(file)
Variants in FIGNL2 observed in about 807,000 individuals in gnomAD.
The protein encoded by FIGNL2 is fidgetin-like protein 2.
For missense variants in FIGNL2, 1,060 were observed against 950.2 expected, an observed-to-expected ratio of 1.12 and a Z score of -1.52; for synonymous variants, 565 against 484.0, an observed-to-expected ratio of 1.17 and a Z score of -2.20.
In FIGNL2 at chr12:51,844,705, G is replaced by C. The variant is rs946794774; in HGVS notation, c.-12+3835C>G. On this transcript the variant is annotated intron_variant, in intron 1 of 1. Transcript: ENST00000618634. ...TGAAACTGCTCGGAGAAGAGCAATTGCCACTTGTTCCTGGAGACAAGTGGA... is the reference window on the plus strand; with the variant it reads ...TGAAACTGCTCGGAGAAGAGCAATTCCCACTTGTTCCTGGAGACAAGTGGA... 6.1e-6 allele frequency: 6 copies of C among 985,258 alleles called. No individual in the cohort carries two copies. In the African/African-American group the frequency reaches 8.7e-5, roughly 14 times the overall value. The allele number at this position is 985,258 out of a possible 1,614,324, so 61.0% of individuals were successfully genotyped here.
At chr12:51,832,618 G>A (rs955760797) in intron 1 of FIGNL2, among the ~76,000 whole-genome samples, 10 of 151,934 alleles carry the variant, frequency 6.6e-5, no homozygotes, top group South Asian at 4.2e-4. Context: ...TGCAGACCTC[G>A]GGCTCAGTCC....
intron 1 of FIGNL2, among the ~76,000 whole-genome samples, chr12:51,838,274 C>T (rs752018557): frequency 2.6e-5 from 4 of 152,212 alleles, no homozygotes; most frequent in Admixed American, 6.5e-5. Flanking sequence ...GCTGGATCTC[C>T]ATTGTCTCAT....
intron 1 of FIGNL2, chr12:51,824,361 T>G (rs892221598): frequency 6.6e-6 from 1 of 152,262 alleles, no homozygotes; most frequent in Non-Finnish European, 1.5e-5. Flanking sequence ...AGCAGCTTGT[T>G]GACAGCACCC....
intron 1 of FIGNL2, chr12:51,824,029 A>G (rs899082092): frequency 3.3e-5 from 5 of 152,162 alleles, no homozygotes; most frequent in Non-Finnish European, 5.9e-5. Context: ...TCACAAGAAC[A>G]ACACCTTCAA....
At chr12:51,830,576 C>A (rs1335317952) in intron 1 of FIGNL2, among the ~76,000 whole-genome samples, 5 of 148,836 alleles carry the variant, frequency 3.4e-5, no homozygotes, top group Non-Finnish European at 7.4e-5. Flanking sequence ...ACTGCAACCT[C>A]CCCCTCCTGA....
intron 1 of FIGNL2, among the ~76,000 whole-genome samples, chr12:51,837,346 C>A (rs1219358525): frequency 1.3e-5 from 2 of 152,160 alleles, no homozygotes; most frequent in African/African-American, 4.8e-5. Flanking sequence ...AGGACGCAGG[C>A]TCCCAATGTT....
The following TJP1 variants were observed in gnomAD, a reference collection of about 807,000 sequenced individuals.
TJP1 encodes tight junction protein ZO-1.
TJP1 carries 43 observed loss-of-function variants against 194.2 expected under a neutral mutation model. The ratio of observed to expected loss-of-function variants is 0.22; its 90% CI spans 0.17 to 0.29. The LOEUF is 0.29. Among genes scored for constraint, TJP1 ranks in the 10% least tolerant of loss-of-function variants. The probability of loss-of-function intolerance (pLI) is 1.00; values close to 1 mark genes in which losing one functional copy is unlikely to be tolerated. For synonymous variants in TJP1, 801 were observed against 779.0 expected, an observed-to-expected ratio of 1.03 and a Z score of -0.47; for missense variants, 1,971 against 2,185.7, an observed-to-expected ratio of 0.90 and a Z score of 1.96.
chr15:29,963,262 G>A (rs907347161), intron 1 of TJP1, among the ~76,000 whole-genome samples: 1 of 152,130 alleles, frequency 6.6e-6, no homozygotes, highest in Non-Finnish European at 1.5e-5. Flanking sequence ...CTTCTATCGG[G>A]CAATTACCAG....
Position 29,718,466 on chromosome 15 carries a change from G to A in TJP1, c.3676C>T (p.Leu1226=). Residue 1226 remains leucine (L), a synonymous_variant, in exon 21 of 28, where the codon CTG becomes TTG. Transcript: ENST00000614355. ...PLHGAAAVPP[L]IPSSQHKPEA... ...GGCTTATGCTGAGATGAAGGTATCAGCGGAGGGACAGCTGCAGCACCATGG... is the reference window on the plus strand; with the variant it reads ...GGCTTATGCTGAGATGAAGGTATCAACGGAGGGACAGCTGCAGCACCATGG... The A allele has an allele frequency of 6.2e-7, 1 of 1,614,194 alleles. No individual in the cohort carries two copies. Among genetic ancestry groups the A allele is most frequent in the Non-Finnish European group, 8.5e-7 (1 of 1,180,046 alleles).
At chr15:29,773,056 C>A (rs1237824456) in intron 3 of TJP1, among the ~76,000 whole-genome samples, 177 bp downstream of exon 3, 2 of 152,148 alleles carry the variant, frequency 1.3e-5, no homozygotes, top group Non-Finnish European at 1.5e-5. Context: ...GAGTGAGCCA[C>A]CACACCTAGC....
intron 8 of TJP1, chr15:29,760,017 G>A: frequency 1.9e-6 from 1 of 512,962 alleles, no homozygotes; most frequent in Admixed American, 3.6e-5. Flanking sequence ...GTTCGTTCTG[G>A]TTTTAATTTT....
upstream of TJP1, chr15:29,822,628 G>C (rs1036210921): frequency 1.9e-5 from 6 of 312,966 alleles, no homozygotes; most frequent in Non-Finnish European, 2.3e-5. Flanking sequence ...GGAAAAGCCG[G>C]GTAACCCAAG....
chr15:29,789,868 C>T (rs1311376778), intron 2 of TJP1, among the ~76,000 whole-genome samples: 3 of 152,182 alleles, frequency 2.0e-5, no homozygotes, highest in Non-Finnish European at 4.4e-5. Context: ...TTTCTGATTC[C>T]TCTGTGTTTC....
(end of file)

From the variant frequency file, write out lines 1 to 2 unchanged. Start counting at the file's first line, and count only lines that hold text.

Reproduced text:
Variants in FIGNL2 observed in about 807,000 individuals in gnomAD.
The protein encoded by FIGNL2 is fidgetin-like protein 2.